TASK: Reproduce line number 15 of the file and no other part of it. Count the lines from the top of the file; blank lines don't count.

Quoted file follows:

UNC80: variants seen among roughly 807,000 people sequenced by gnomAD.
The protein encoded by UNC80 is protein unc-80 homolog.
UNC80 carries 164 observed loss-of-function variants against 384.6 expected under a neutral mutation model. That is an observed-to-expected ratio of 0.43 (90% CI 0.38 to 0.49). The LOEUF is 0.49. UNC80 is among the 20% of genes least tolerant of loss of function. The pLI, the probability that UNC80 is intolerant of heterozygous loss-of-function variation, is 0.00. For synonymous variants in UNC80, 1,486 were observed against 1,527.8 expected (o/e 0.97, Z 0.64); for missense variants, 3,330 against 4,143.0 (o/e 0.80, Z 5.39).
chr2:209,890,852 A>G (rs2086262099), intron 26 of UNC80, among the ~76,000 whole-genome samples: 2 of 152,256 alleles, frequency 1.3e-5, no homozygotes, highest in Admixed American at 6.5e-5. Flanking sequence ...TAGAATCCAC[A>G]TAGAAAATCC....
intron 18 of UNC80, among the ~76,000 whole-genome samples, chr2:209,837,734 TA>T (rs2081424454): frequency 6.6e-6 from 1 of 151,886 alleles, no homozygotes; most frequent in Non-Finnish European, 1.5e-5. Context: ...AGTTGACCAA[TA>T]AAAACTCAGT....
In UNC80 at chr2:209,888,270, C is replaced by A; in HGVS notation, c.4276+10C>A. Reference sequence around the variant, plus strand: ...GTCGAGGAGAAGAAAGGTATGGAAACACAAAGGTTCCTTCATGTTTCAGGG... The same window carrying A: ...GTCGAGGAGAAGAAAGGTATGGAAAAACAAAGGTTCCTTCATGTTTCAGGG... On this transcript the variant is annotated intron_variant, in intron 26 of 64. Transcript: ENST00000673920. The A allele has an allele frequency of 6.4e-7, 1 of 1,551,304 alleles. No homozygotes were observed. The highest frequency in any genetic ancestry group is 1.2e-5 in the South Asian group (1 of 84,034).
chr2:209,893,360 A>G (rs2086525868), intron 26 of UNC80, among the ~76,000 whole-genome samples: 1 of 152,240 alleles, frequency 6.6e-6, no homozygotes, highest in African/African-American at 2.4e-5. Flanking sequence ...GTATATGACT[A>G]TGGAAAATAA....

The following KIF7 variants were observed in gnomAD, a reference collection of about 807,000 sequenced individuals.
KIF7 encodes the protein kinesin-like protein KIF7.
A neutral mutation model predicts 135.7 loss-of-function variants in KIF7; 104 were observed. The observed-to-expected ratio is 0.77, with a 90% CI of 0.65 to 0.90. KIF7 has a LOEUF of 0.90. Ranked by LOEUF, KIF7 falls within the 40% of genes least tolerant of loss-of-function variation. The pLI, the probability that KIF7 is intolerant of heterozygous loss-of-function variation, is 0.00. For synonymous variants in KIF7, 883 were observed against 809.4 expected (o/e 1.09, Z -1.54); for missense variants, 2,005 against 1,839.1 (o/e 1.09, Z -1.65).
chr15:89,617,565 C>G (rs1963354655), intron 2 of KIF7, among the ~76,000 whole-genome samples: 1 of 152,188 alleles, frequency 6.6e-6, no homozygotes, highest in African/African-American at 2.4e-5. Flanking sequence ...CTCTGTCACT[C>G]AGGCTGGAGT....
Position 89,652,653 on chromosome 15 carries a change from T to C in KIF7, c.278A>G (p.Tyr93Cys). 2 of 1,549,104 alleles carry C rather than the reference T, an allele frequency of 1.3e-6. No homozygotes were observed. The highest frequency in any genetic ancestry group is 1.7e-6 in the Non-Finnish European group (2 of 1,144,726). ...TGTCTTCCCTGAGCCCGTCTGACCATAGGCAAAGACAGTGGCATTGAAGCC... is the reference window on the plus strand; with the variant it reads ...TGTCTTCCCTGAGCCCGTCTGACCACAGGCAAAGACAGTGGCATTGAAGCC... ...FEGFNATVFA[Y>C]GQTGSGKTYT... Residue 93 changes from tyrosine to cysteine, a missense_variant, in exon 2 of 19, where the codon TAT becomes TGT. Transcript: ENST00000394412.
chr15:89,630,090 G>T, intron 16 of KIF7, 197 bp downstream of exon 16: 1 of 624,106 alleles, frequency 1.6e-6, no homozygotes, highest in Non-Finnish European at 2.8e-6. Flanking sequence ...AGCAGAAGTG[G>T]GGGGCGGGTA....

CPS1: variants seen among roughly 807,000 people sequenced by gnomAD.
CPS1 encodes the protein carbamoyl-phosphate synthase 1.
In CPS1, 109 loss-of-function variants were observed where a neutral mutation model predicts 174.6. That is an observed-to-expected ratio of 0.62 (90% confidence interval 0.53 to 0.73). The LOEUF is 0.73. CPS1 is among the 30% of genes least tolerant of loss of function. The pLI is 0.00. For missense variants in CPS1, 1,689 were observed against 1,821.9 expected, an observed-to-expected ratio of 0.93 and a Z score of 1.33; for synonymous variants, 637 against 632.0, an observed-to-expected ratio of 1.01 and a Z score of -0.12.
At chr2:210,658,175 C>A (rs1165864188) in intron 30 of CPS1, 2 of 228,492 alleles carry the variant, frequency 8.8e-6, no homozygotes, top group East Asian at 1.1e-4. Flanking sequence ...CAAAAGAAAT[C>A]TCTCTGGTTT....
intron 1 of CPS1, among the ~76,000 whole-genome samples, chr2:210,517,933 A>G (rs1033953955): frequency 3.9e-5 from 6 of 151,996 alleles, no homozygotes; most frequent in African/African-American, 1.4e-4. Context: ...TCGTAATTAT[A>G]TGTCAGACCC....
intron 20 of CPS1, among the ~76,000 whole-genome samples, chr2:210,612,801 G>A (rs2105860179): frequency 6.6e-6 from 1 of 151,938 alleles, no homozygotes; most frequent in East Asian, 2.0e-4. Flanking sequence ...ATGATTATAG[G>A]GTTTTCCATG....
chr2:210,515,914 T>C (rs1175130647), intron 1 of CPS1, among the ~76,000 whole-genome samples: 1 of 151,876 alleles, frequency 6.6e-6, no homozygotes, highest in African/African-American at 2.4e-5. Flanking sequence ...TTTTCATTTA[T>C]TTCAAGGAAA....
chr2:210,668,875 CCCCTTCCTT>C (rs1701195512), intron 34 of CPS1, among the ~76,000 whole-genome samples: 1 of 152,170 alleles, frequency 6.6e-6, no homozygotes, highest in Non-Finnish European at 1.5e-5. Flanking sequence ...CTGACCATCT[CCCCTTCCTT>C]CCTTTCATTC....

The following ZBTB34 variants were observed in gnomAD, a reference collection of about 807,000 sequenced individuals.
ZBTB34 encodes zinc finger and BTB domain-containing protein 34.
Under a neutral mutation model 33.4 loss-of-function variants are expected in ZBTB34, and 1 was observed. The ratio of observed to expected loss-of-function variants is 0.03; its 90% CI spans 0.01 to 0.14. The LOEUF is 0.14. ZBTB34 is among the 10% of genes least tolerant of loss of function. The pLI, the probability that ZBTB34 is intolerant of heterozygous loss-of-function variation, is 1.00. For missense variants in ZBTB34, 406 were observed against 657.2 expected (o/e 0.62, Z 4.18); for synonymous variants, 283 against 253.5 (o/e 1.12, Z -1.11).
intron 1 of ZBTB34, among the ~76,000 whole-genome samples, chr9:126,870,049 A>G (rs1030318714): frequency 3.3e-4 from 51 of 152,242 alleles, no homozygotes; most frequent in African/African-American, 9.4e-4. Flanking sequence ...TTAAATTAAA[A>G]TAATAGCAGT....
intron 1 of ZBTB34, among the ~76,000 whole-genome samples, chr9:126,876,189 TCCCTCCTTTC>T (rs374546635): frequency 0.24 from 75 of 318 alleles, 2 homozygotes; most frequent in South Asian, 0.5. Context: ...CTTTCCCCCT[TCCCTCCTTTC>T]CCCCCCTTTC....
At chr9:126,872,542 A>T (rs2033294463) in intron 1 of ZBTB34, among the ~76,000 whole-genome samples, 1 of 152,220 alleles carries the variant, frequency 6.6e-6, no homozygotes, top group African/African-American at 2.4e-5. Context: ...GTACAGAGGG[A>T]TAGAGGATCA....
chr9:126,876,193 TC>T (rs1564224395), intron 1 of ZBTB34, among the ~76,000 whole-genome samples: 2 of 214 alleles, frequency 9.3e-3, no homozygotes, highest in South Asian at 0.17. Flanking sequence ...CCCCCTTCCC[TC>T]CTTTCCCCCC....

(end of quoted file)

CPS1 encodes the protein carbamoyl-phosphate synthase 1.